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Mining or Geological Engineer

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What Does it Take to Be a Mining or Geological Engineer?

Position Description Conduct sub-surface surveys to identify the characteristics of potential land or mining development sites. May specify the ground support systems, processes and equipment for safe, economical, and environmentally sound extraction or underground construction activities. May inspect areas for unsafe geological conditions, equipment, and working conditions. May design, implement, and coordinate mine safety programs.

A Day in the Life of a Mining or Geological Engineer

  • Test air to detect toxic gases and recommend measures to remove them, such as installation of ventilation shafts.
  • Prepare schedules, reports, and estimates of the costs involved in developing and operating mines.
  • Select or devise materials-handling methods and equipment to transport ore, waste materials, and mineral products efficiently and economically.
  • Conduct or direct mining experiments to test or prove research findings.
  • Devise solutions to problems of land reclamation and water and air pollution, such as methods of storing excavated soil and returning exhausted mine sites to natural states.
  • Examine maps, deposits, drilling locations, or mines to determine the location, size, accessibility, contents, value, and potential profitability of mineral, oil, and gas deposits.

What Every Mining or Geological Engineer Should Know

When polled, Mining and Geological Engineers say the following skills are most frequently used in their jobs:

Complex Problem Solving: Identifying complex problems and reviewing related information to develop and evaluate options and implement solutions.

Critical Thinking: Using logic and reasoning to identify the strengths and weaknesses of alternative solutions, conclusions or approaches to problems.

Writing: Communicating effectively in writing as appropriate for the needs of the audience.

Speaking: Talking to others to convey information effectively.

Judgment and Decision Making: Considering the relative costs and benefits of potential actions to choose the most appropriate one.

Reading Comprehension: Understanding written sentences and paragraphs in work related documents.

  • Safety Supervisor
  • Site Safety Representative
  • Mine Exploration Engineer
  • Geological Engineer
  • Exploration Engineer

Mining or Geological Engineer Job Outlook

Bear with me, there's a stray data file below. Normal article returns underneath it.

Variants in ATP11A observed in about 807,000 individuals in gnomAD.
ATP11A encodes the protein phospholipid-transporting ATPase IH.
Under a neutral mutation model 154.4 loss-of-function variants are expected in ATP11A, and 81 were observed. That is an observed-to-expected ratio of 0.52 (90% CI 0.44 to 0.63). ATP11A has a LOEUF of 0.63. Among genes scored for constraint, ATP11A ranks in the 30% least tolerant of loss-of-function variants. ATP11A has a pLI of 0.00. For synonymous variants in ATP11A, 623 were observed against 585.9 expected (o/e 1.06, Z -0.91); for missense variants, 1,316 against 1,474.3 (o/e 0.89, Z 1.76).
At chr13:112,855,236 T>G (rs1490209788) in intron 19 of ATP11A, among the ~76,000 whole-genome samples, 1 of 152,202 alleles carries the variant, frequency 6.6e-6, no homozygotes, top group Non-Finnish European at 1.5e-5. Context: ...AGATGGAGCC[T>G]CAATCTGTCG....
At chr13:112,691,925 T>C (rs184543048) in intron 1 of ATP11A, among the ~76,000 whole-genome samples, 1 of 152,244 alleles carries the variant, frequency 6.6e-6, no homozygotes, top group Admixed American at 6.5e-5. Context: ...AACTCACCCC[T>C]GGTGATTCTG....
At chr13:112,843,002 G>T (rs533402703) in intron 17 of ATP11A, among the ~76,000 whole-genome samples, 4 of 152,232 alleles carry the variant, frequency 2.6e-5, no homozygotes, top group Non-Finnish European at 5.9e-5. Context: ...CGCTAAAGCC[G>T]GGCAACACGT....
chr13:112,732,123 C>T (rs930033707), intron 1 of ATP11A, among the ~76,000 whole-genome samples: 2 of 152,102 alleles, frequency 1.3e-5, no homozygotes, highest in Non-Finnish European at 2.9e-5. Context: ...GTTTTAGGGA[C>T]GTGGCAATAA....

There were about 7,300 jobs for Mining or Geological Engineer in 2016 (in the United States). New jobs are being produced at a rate of 8.2% which is above the national average. The Bureau of Labor Statistics predicts 600 new jobs for Mining or Geological Engineer by 2026. There will be an estimated 600 positions for Mining or Geological Engineer per year.

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The states with the most job growth for Mining or Geological Engineer are North Dakota, Colorado, and Tennessee. Watch out if you plan on working in Kentucky, Utah, or Wyoming. These states have the worst job growth for this type of profession.

Do Mining and Geological Engineers Make A Lot Of Money?

The typical yearly salary for Mining and Geological Engineers is somewhere between $54,550 and $151,030.

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Mining and Geological Engineers who work in California, New Mexico, or Florida, make the highest salaries.

How much do Mining and Geological Engineers make in different U.S. states?

State Annual Mean Salary
Alabama $97,670
Alaska $112,110
Arizona $81,150
California $123,060
Colorado $108,130
Florida $113,200
Idaho $74,990
Illinois $92,530
Indiana $72,840
Kentucky $94,810
Maryland $76,360
Michigan $78,700
Minnesota $101,710
Nevada $85,640
New Mexico $140,130
New York $90,240
North Dakota $80,350
Ohio $89,260
Oregon $76,810
Pennsylvania $90,510
Utah $93,580
Washington $99,490
West Virginia $76,050
Wyoming $93,990

Tools & Technologies Used by Mining and Geological Engineers

Below is a list of the types of tools and technologies that Mining and Geological Engineers may use on a daily basis:

  • Microsoft Excel
  • Microsoft Word
  • Microsoft Office
  • Microsoft PowerPoint
  • Microsoft Access
  • Microsoft Project
  • Autodesk AutoCAD
  • Statistical software
  • Oracle Primavera Systems
  • Carlson SurvCADD
  • Maptek Vulcan
  • MineSight
  • Trimble Geomatics Office
  • Gemcom Surpac

How do I Become a Mining or Geological Engineer?

Education needed to be a Mining or Geological Engineer:

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What work experience do I need to become a Mining or Geological Engineer?

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Where Mining and Geological Engineers Are Employed

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The table below shows the approximate number of Mining and Geological Engineers employed by various industries.

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You May Also Be Interested In…

Those thinking about becoming a Mining or Geological Engineer might also be interested in the following careers:

References:

Image Credit: Zina Deretsky, National Science Foundation via Public domain

More about our data sources and methodologies.

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